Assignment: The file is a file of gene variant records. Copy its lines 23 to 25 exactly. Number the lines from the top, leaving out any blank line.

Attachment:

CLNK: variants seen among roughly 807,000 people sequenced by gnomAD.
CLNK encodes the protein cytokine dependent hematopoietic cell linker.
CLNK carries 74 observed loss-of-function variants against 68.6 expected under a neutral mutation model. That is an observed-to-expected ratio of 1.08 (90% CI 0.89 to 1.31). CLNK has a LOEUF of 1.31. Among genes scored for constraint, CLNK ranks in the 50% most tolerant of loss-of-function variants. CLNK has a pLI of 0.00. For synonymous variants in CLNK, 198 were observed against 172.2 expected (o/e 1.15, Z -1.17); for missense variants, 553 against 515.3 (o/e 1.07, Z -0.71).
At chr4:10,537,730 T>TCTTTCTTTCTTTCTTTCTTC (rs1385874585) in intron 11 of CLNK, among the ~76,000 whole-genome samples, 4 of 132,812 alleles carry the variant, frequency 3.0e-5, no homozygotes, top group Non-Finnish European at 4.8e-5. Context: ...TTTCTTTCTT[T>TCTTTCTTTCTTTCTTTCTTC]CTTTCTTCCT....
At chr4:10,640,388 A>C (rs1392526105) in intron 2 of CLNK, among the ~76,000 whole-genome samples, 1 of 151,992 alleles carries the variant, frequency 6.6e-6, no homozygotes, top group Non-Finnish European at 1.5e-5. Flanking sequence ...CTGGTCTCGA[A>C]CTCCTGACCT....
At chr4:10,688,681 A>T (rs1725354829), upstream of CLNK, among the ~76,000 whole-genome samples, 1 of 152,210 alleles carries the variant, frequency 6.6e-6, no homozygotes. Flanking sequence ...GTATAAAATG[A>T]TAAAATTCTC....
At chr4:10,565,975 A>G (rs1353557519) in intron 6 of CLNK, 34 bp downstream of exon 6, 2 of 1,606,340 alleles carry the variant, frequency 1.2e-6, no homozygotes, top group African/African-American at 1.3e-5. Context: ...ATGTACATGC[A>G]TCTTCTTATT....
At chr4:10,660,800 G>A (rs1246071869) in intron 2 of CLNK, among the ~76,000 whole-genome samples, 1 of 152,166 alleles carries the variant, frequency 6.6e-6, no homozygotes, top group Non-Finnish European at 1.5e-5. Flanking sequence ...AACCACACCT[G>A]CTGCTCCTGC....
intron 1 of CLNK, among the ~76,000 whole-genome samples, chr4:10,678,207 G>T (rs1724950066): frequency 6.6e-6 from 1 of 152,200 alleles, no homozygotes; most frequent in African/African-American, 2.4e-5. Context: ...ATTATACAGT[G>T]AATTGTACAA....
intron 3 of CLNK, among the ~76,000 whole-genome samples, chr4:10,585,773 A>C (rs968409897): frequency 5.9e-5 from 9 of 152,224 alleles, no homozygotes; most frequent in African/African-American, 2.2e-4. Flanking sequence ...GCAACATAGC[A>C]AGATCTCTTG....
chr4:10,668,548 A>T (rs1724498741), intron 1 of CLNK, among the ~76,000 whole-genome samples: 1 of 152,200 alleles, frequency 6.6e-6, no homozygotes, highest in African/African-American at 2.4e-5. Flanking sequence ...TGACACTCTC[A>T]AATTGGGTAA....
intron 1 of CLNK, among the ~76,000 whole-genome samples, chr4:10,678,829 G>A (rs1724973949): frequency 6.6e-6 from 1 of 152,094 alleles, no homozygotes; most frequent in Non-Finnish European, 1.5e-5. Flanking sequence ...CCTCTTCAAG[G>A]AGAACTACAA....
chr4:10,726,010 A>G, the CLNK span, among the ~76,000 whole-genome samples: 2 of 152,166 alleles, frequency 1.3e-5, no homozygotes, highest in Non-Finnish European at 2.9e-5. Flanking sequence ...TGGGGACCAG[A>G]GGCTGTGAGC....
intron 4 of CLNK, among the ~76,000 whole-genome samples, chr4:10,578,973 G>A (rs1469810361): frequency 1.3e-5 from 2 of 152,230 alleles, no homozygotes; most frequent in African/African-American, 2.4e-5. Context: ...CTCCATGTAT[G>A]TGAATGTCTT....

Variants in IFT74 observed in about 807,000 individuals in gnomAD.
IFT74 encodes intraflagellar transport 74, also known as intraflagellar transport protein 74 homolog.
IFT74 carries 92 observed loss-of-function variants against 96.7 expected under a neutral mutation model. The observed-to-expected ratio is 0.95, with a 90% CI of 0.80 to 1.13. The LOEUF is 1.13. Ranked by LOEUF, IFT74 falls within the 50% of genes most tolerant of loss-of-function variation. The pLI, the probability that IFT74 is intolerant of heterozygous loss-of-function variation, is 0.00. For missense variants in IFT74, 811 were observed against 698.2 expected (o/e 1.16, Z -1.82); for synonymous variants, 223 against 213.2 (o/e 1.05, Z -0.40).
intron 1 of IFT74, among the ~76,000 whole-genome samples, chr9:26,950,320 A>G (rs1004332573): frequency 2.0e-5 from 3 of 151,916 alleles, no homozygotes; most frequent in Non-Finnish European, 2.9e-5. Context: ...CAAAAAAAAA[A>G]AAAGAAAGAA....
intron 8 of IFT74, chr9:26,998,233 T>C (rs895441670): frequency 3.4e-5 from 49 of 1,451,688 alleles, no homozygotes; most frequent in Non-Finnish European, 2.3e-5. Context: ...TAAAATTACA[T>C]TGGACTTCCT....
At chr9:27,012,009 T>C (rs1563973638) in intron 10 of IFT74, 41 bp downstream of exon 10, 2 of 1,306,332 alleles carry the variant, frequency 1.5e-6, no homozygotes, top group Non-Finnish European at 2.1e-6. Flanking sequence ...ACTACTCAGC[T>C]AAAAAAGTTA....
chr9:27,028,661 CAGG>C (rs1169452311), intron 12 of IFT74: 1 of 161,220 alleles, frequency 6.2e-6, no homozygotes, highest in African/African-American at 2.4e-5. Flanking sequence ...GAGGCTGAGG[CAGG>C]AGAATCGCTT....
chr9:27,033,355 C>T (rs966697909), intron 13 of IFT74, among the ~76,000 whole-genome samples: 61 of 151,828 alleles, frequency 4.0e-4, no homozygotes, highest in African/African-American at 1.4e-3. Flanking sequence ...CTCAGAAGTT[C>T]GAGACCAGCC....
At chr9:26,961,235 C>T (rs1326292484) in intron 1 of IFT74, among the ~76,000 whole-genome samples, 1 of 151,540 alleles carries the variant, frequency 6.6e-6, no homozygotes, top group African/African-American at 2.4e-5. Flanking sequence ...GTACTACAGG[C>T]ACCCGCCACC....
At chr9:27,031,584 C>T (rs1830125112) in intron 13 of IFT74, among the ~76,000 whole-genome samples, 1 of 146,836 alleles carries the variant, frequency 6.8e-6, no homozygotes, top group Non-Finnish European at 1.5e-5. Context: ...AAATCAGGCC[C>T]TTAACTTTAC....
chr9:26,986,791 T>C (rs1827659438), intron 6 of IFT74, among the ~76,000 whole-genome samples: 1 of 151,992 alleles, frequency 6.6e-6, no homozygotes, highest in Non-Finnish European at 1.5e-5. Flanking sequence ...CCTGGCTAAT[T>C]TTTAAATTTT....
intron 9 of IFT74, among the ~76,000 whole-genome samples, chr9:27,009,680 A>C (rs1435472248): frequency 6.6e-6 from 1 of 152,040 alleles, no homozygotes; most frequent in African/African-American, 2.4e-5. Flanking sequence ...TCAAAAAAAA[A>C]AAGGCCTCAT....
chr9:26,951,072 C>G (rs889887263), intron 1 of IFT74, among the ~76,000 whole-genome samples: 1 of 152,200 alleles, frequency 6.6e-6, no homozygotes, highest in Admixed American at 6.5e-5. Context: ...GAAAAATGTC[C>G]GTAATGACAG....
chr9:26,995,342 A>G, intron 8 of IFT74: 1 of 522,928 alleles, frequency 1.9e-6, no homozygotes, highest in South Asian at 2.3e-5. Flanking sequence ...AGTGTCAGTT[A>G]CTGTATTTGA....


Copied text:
At chr9:26,961,235 C>T (rs1326292484) in intron 1 of IFT74, among the ~76,000 whole-genome samples, 1 of 151,540 alleles carries the variant, frequency 6.6e-6, no homozygotes, top group African/African-American at 2.4e-5. Flanking sequence ...GTACTACAGG[C>T]ACCCGCCACC....
At chr9:27,031,584 C>T (rs1830125112) in intron 13 of IFT74, among the ~76,000 whole-genome samples, 1 of 146,836 alleles carries the variant, frequency 6.8e-6, no homozygotes, top group Non-Finnish European at 1.5e-5. Context: ...AAATCAGGCC[C>T]TTAACTTTAC....
chr9:26,986,791 T>C (rs1827659438), intron 6 of IFT74, among the ~76,000 whole-genome samples: 1 of 151,992 alleles, frequency 6.6e-6, no homozygotes, highest in Non-Finnish European at 1.5e-5. Flanking sequence ...CCTGGCTAAT[T>C]TTTAAATTTT....